Trust and Estate Practitioner respond to treasury’s consultation on AML

Trust and Estate Practitioner STEP have responded to the HM Treasury’s consultation regarding anti-money laundering(AML) saying a legitimate interest test should apply when applicants seek access to information regarding trusts.

The Treasury’s consultation on improving the effectiveness of the UK’s anti-money laundering (AML) regulations have now closed. Themes that included clearer direction on the scope of the regulations and registration requirements for the Trust Registration Service (TRS) were discussed and a post consultation response has involved opinions that suggest ‘streamlining requirements and transparency’.

As reported on STEP’s site the consultation focused on four main themes: making customer due diligence more proportionate and effective, enhancing system coordination, clarifying the scope of the regulations, and reforming the TRS registration requirements.

“A key principle in the [money laundering regulations] is proportionality,” the consultation paper stated, “We aim to address any imbalances between the demands placed on regulated firms and customers and the risk of money laundering and terrorist financing. The consultation also targets areas of the [money laundering regulations] where additional clarity might enhance compliance or where stakeholders could collaborate more effectively.”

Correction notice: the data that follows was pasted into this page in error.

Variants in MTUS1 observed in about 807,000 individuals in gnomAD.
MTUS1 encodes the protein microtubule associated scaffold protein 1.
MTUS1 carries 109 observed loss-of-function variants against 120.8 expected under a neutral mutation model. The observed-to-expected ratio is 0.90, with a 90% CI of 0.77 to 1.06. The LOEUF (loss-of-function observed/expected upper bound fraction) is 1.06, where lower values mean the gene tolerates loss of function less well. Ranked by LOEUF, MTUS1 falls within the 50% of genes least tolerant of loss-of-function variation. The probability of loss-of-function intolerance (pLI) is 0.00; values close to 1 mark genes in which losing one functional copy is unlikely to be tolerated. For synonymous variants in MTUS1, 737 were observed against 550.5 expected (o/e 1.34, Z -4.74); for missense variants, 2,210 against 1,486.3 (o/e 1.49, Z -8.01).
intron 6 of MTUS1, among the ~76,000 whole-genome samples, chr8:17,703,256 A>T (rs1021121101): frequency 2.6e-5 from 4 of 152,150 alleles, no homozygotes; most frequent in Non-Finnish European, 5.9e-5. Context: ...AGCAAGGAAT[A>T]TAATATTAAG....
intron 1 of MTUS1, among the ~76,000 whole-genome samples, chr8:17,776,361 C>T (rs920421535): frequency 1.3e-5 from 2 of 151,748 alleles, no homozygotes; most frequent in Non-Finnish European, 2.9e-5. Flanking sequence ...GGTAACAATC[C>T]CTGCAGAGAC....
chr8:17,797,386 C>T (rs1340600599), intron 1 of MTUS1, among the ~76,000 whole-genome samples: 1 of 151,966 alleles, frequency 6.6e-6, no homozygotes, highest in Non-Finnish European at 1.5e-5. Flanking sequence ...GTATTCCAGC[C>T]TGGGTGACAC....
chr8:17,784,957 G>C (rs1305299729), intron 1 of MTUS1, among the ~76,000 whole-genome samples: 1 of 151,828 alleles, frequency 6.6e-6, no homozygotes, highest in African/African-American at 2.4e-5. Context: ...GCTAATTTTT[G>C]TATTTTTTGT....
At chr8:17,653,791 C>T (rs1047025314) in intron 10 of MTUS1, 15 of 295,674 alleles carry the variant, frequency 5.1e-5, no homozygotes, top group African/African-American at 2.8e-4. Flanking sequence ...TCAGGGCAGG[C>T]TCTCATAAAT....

STEP’s UK Technical Committee responded to the consultation, particularly addressing the questions on TRS registration requirements reform.

Emily Deane,Technical Counsel & Head of Government Affairs at STEP said : “STEP echoes comments made in our previous response to the Cross-Government Consultation on Transparency of Land Ownership Involving Trusts in England and Wales: a legitimate interest test should apply when applicants seek access to information about trusts.”

STEP’s response highlights concerns about the multiple reporting obligations related to trusts and beneficial land ownership, each requiring different information. STEP has urged the government to ‘streamline these requirements’.

Regarding the proposal that trusts acquiring UK land before 6 October 2020 should register on the TRS, STEP’s response suggests that any such change must be well-publicized in overseas jurisdictions. Overseas trustees should be given a “sufficiently long period” to check records and provide the necessary information.

On the proposed changes to TRS data-sharing rules, STEP claim that they see no issue with sharing information about registered trusts for AML purposes or by government bodies or local authorities in their official duties.

However, STEP’s response adds: “Pending a proper consultation on the extent to which trust information should be made public, we believe that access to trust information, including for land-owning trusts (both UK and non-UK resident), should be limited to applicants who can demonstrate a legitimate interest in the particular trust, regardless of whether the trust owns an offshore company.”

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